Participants at the meeting agreed to move forward with the effort and several drafts of the plan have already begun circulating between the countries, though it is unclear when it will be unveiled, two senior diplomats told The Times of Israel.

The US has publicly refused to back calls for a permanent ceasefire to end the fighting in Gaza, citing Israel’s need to defend itself by destroying Hamas, but officials in recent weeks have increasingly spoken of the truce leading to an end to hostilities.

US National Security Adviser Jake Sullivan speaks during a White House press conference on February 14, 2024. (Screen capture/YouTube)

“We’re looking for a temporary pause as part of the hostage deal, and then to build on that into something more enduring,” US National Security Adviser Jake Sullivan said Wednesday.

News of the plan was met with vehement opposition by hardline ministers in Israel’s government opposed to the creation of a Palestinian state, with Finance Minister Bezalel Smotrich saying he would demand the high-level security cabinet adopt a statement rejecting the establishment of a Palestinian state when it meets later Thursday.

“We will never agree, under any circumstances, to this plan that basically says the Palestinians deserve a prize for the terrible massacre they carried out against us: a Palestinian state with a capital in Jerusalem,” Smotrich posted on X.

Diaspora Affairs Minister Amichai Chikli, a member of Netanyahu’s Likud party, said the government should respond by threatening to cancel the Oslo Accords, the 1990s agreement that led to the creation of the Palestinian Authority.

Netanyahu has in the past spoken out against the creation of a Palestinian state and others have also pushed back against comments from Washington and elsewhere suggesting that talks on ending fighting in Gaza sparked by Hamas’s brutal rampage through southern Israel on October 7 be used to jumpstart long-moribund efforts to reach a two-state solution.

The attack, in which some 1,200 people were killed in a paroxysm of murder, rape and other atrocities led by the Hamas terror group which rules Gaza, and 253 others were kidnapped and held hostage, distilled for many Israelis the security challenges long cited as a reason to oppose Palestinian statehood.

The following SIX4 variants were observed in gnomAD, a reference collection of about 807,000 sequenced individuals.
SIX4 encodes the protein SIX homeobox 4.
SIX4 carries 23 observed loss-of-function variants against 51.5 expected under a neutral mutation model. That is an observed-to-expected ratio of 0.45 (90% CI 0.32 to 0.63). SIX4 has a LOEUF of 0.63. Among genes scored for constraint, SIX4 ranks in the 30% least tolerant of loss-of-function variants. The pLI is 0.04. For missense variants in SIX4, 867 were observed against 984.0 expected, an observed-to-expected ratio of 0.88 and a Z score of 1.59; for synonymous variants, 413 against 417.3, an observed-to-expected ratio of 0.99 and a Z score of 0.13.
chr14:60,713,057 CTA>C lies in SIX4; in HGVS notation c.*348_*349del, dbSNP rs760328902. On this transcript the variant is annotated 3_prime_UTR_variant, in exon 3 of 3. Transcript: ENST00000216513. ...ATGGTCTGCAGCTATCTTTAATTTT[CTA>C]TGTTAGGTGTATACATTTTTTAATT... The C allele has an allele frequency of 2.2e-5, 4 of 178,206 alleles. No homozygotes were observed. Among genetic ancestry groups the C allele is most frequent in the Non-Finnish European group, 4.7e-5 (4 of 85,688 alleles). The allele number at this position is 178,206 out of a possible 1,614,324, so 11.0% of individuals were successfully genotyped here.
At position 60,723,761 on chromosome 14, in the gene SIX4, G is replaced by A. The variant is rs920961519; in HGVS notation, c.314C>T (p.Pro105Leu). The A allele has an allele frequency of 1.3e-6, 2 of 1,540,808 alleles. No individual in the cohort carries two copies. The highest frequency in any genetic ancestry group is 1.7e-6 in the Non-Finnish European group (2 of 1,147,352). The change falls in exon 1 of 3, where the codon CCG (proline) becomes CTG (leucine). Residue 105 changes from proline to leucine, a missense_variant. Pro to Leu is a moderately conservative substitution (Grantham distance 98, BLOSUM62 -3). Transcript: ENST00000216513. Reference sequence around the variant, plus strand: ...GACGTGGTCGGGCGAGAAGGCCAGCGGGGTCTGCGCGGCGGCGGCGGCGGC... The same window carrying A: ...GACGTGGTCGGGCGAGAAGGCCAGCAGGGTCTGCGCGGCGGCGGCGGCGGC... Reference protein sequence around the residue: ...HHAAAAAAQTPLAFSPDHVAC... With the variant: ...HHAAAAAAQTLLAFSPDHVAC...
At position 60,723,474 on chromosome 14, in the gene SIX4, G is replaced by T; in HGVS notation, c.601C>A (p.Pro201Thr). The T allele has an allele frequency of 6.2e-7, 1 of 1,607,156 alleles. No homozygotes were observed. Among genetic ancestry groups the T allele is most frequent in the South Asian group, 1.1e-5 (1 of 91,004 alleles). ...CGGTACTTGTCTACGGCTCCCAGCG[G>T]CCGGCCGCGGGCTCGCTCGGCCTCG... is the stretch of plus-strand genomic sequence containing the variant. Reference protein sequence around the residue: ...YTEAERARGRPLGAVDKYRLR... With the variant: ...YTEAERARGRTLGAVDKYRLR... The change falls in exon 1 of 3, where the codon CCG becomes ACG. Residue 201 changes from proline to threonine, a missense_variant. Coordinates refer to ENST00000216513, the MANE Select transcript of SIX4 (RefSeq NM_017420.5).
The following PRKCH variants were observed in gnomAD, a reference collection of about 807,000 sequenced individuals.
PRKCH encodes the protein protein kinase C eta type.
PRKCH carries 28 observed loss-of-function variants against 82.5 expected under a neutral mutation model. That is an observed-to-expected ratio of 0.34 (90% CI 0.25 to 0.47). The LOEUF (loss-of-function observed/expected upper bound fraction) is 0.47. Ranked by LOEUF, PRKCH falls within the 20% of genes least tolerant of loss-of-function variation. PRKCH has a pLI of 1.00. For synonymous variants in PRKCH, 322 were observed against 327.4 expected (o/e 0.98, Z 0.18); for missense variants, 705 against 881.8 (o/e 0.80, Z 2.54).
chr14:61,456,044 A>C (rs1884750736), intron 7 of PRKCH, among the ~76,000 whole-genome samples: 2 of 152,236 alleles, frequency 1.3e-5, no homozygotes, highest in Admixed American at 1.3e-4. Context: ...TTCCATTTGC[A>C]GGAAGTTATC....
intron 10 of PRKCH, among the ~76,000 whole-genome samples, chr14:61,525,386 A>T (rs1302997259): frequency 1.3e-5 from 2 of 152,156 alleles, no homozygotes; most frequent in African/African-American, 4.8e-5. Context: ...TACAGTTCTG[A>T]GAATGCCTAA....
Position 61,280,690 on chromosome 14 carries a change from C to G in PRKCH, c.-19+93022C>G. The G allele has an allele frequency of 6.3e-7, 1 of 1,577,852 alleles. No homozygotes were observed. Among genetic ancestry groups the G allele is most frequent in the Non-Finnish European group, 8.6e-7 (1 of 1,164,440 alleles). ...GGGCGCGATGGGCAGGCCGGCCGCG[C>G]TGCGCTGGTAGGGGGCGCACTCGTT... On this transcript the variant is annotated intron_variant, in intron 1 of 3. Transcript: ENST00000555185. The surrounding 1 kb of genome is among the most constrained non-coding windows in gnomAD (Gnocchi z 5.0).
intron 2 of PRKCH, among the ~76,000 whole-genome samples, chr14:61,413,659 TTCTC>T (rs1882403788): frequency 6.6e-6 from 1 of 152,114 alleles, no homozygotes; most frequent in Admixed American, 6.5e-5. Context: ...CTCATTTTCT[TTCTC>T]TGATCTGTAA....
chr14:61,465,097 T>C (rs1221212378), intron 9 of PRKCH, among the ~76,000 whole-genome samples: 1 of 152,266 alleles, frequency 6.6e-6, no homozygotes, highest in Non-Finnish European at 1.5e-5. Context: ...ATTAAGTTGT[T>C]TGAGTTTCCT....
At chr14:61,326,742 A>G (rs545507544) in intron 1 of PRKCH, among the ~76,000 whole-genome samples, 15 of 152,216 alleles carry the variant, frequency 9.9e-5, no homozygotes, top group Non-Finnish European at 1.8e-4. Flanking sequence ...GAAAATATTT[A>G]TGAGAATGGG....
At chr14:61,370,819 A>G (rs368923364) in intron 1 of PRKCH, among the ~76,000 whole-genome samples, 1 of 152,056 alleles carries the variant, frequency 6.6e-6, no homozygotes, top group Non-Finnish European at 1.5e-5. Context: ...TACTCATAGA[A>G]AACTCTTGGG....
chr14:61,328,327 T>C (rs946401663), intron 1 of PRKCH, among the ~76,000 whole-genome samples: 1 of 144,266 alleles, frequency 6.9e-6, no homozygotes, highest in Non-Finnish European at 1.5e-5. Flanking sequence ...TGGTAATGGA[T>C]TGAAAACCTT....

Photographs of Israeli hostages being held in the Gaza Strip are placed on a house in Kibbutz Be’eri, Israel, December 20, 2023. (AP/Ohad Zwigenberg)

Many in the international community have argued that the attacks showed the dangers of continuing to let the Israeli-Palestinian conflict fester.

“After October 7 it is clearer than ever that it is forbidden to give them a state. While we are in the government, no Palestinian state will be established,” National Security Minister Itamar Ben Gvir said in reaction to the Post report, according to the Ynet news site. The far-right firebrand called the proposal “delusional,” accusing Washington and others involved of trying to “establish a terror state alongside the State of Israel.”

News of the plan came as the US and others have ramped up warnings against Israel expanding its ground offensive in Gaza to Rafah, where around half of the Strip’s population of over 2 million have taken refuge.

According to the Post, those behind the plan, including Egypt, Jordan, Qatar, Saudi Arabia, the United Arab Emirates and Palestinian representatives, as well as the United States, fear that an IDF ground offensive in Gaza’s Rafah will derail the potential for a peace process.

Palestinians inspect the damage in the rubble of a building where two hostages were held before being rescued during an operation by Israeli security forces in Rafah, in the southern Gaza Strip on February 12, 2024. (SAID KHATIB / AFP)

Despite the potential danger to the civilian population, Netanyahu announced Friday that he had ordered the Israeli military to present the government’s war cabinet with a plan to both evacuate the city’s civilian population and destroy Hamas’s remaining battalions in the area.

Israel believes it cannot effectively weaken Hamas without taking Rafah, which sits on Gaza’s border with Egypt. At least some of the 134 hostages remaining in Gaza are thought to be in the city; on Monday, special forces rescued two Israeli hostages from captivity in an apartment in Rafah, amid a bombardment that killed dozens, according to Hamas health authorities in Gaza.

On Wednesday, Palestinian Authority President Mahmoud Abbas called on Hamas to quickly reach an agreement with Israel pausing the fighting, warning that failure to do so could create another “nakba” or catastrophe, in Rafah.

Jacob Magid and Lazar Berman contributed to this report.